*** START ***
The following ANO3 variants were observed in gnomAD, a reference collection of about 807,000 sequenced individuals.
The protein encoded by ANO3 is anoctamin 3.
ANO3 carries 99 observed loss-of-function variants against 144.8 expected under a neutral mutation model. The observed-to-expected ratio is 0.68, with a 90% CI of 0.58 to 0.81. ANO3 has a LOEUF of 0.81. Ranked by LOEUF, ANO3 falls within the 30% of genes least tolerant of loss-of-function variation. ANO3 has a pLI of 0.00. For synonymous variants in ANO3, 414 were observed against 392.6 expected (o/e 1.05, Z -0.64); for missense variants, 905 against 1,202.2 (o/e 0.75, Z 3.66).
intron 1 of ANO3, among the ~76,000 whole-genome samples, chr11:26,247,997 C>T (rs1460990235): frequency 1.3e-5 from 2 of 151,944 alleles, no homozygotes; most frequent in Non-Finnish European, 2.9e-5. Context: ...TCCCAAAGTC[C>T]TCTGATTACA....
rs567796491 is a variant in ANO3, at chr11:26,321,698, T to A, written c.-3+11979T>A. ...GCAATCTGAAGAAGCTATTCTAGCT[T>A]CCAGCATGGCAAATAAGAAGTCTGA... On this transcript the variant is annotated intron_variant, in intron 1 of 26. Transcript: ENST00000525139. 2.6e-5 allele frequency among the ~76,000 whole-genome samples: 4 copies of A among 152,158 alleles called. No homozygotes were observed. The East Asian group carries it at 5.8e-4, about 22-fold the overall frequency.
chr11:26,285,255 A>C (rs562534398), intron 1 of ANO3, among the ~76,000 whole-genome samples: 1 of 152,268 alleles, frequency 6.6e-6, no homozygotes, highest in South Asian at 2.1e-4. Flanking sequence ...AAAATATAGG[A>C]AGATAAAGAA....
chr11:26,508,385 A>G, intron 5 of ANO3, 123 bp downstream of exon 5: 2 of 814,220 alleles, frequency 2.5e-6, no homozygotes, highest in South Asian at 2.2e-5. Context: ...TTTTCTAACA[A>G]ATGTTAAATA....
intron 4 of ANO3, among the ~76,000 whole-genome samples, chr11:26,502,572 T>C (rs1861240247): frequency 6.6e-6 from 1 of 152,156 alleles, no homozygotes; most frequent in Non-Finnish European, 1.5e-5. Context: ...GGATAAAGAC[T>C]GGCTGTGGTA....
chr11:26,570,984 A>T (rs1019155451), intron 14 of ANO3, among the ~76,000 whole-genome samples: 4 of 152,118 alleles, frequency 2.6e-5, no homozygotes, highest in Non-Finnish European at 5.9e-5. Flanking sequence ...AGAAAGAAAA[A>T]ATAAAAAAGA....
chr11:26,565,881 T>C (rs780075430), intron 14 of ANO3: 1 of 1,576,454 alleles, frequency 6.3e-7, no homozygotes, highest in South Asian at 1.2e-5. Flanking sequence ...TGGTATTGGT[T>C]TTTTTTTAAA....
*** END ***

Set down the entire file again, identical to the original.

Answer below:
The following ANO3 variants were observed in gnomAD, a reference collection of about 807,000 sequenced individuals.
The protein encoded by ANO3 is anoctamin 3.
ANO3 carries 99 observed loss-of-function variants against 144.8 expected under a neutral mutation model. The observed-to-expected ratio is 0.68, with a 90% CI of 0.58 to 0.81. ANO3 has a LOEUF of 0.81. Ranked by LOEUF, ANO3 falls within the 30% of genes least tolerant of loss-of-function variation. ANO3 has a pLI of 0.00. For synonymous variants in ANO3, 414 were observed against 392.6 expected (o/e 1.05, Z -0.64); for missense variants, 905 against 1,202.2 (o/e 0.75, Z 3.66).
intron 1 of ANO3, among the ~76,000 whole-genome samples, chr11:26,247,997 C>T (rs1460990235): frequency 1.3e-5 from 2 of 151,944 alleles, no homozygotes; most frequent in Non-Finnish European, 2.9e-5. Context: ...TCCCAAAGTC[C>T]TCTGATTACA....
rs567796491 is a variant in ANO3, at chr11:26,321,698, T to A, written c.-3+11979T>A. ...GCAATCTGAAGAAGCTATTCTAGCT[T>A]CCAGCATGGCAAATAAGAAGTCTGA... On this transcript the variant is annotated intron_variant, in intron 1 of 26. Transcript: ENST00000525139. 2.6e-5 allele frequency among the ~76,000 whole-genome samples: 4 copies of A among 152,158 alleles called. No homozygotes were observed. The East Asian group carries it at 5.8e-4, about 22-fold the overall frequency.
chr11:26,285,255 A>C (rs562534398), intron 1 of ANO3, among the ~76,000 whole-genome samples: 1 of 152,268 alleles, frequency 6.6e-6, no homozygotes, highest in South Asian at 2.1e-4. Flanking sequence ...AAAATATAGG[A>C]AGATAAAGAA....
chr11:26,508,385 A>G, intron 5 of ANO3, 123 bp downstream of exon 5: 2 of 814,220 alleles, frequency 2.5e-6, no homozygotes, highest in South Asian at 2.2e-5. Context: ...TTTTCTAACA[A>G]ATGTTAAATA....
intron 4 of ANO3, among the ~76,000 whole-genome samples, chr11:26,502,572 T>C (rs1861240247): frequency 6.6e-6 from 1 of 152,156 alleles, no homozygotes; most frequent in Non-Finnish European, 1.5e-5. Context: ...GGATAAAGAC[T>C]GGCTGTGGTA....
chr11:26,570,984 A>T (rs1019155451), intron 14 of ANO3, among the ~76,000 whole-genome samples: 4 of 152,118 alleles, frequency 2.6e-5, no homozygotes, highest in Non-Finnish European at 5.9e-5. Flanking sequence ...AGAAAGAAAA[A>T]ATAAAAAAGA....
chr11:26,565,881 T>C (rs780075430), intron 14 of ANO3: 1 of 1,576,454 alleles, frequency 6.3e-7, no homozygotes, highest in South Asian at 1.2e-5. Flanking sequence ...TGGTATTGGT[T>C]TTTTTTTAAA....